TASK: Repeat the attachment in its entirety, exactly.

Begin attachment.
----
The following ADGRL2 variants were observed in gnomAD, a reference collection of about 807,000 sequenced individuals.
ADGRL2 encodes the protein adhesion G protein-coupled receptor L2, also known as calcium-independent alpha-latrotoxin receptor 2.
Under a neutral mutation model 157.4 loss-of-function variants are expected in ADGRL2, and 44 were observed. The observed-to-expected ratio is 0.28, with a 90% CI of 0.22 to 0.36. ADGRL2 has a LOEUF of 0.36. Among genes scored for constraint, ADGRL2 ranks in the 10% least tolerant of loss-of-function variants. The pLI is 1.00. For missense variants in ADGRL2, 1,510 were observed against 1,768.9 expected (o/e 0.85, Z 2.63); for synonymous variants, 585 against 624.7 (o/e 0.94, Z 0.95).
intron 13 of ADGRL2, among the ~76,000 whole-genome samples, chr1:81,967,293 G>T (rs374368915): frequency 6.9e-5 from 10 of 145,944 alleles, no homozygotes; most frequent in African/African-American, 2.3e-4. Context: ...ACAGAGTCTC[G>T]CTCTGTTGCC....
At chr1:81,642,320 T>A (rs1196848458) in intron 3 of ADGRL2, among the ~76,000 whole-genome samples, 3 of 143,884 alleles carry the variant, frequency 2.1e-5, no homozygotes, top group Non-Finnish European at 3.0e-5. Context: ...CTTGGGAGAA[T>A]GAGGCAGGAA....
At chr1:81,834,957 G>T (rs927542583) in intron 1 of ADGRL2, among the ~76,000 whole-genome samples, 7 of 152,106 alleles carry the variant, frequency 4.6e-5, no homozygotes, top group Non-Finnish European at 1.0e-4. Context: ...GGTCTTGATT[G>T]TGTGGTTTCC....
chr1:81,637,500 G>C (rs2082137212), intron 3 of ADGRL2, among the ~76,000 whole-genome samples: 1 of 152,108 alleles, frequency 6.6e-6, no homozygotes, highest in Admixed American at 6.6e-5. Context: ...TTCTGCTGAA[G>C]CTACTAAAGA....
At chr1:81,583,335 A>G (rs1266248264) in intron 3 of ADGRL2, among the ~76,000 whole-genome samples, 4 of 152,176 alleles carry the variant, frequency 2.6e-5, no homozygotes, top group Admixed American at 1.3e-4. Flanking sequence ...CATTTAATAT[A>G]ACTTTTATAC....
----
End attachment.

The following ADGRL2 variants were observed in gnomAD, a reference collection of about 807,000 sequenced individuals.
ADGRL2 encodes the protein adhesion G protein-coupled receptor L2, also known as calcium-independent alpha-latrotoxin receptor 2.
Under a neutral mutation model 157.4 loss-of-function variants are expected in ADGRL2, and 44 were observed. The observed-to-expected ratio is 0.28, with a 90% CI of 0.22 to 0.36. ADGRL2 has a LOEUF of 0.36. Among genes scored for constraint, ADGRL2 ranks in the 10% least tolerant of loss-of-function variants. The pLI is 1.00. For missense variants in ADGRL2, 1,510 were observed against 1,768.9 expected (o/e 0.85, Z 2.63); for synonymous variants, 585 against 624.7 (o/e 0.94, Z 0.95).
intron 13 of ADGRL2, among the ~76,000 whole-genome samples, chr1:81,967,293 G>T (rs374368915): frequency 6.9e-5 from 10 of 145,944 alleles, no homozygotes; most frequent in African/African-American, 2.3e-4. Context: ...ACAGAGTCTC[G>T]CTCTGTTGCC....
At chr1:81,642,320 T>A (rs1196848458) in intron 3 of ADGRL2, among the ~76,000 whole-genome samples, 3 of 143,884 alleles carry the variant, frequency 2.1e-5, no homozygotes, top group Non-Finnish European at 3.0e-5. Context: ...CTTGGGAGAA[T>A]GAGGCAGGAA....
At chr1:81,834,957 G>T (rs927542583) in intron 1 of ADGRL2, among the ~76,000 whole-genome samples, 7 of 152,106 alleles carry the variant, frequency 4.6e-5, no homozygotes, top group Non-Finnish European at 1.0e-4. Context: ...GGTCTTGATT[G>T]TGTGGTTTCC....
chr1:81,637,500 G>C (rs2082137212), intron 3 of ADGRL2, among the ~76,000 whole-genome samples: 1 of 152,108 alleles, frequency 6.6e-6, no homozygotes, highest in Admixed American at 6.6e-5. Context: ...TTCTGCTGAA[G>C]CTACTAAAGA....
At chr1:81,583,335 A>G (rs1266248264) in intron 3 of ADGRL2, among the ~76,000 whole-genome samples, 4 of 152,176 alleles carry the variant, frequency 2.6e-5, no homozygotes, top group Admixed American at 1.3e-4. Flanking sequence ...CATTTAATAT[A>G]ACTTTTATAC....